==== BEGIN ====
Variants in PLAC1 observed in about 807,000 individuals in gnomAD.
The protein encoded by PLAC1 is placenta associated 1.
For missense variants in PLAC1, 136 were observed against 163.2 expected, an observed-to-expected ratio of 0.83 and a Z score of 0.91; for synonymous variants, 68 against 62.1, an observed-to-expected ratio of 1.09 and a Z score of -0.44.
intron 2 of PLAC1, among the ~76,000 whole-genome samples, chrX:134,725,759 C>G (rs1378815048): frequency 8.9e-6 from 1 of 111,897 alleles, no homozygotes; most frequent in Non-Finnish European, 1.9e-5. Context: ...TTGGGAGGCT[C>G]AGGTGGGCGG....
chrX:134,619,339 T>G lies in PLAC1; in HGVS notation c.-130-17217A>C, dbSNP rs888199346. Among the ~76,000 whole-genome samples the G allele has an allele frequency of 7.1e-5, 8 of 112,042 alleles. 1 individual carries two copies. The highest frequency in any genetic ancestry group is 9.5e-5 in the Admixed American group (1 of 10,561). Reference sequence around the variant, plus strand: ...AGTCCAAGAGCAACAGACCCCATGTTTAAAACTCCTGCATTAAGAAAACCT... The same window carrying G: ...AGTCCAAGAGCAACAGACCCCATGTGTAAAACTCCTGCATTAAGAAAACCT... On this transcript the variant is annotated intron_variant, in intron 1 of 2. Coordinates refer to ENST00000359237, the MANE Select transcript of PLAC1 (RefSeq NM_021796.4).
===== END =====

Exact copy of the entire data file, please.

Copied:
Variants in PLAC1 observed in about 807,000 individuals in gnomAD.
The protein encoded by PLAC1 is placenta associated 1.
For missense variants in PLAC1, 136 were observed against 163.2 expected, an observed-to-expected ratio of 0.83 and a Z score of 0.91; for synonymous variants, 68 against 62.1, an observed-to-expected ratio of 1.09 and a Z score of -0.44.
intron 2 of PLAC1, among the ~76,000 whole-genome samples, chrX:134,725,759 C>G (rs1378815048): frequency 8.9e-6 from 1 of 111,897 alleles, no homozygotes; most frequent in Non-Finnish European, 1.9e-5. Context: ...TTGGGAGGCT[C>G]AGGTGGGCGG....
chrX:134,619,339 T>G lies in PLAC1; in HGVS notation c.-130-17217A>C, dbSNP rs888199346. Among the ~76,000 whole-genome samples the G allele has an allele frequency of 7.1e-5, 8 of 112,042 alleles. 1 individual carries two copies. The highest frequency in any genetic ancestry group is 9.5e-5 in the Admixed American group (1 of 10,561). Reference sequence around the variant, plus strand: ...AGTCCAAGAGCAACAGACCCCATGTTTAAAACTCCTGCATTAAGAAAACCT... The same window carrying G: ...AGTCCAAGAGCAACAGACCCCATGTGTAAAACTCCTGCATTAAGAAAACCT... On this transcript the variant is annotated intron_variant, in intron 1 of 2. Coordinates refer to ENST00000359237, the MANE Select transcript of PLAC1 (RefSeq NM_021796.4).